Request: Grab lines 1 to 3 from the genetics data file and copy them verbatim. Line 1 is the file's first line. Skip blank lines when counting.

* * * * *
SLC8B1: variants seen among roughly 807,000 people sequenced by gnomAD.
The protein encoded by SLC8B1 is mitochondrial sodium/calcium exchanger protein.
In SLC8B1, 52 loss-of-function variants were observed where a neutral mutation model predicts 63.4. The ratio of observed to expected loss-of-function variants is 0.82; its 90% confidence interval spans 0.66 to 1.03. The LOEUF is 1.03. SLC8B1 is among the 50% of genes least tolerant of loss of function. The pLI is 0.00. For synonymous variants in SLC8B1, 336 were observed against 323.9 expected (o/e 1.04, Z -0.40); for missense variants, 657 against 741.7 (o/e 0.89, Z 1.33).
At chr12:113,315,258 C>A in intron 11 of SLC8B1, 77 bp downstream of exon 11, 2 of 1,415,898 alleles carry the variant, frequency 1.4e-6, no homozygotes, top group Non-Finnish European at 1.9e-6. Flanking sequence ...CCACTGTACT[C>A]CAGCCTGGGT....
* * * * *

SLC8B1: variants seen among roughly 807,000 people sequenced by gnomAD.
The protein encoded by SLC8B1 is mitochondrial sodium/calcium exchanger protein.
In SLC8B1, 52 loss-of-function variants were observed where a neutral mutation model predicts 63.4. The ratio of observed to expected loss-of-function variants is 0.82; its 90% confidence interval spans 0.66 to 1.03. The LOEUF is 1.03. SLC8B1 is among the 50% of genes least tolerant of loss of function. The pLI is 0.00. For synonymous variants in SLC8B1, 336 were observed against 323.9 expected (o/e 1.04, Z -0.40); for missense variants, 657 against 741.7 (o/e 0.89, Z 1.33).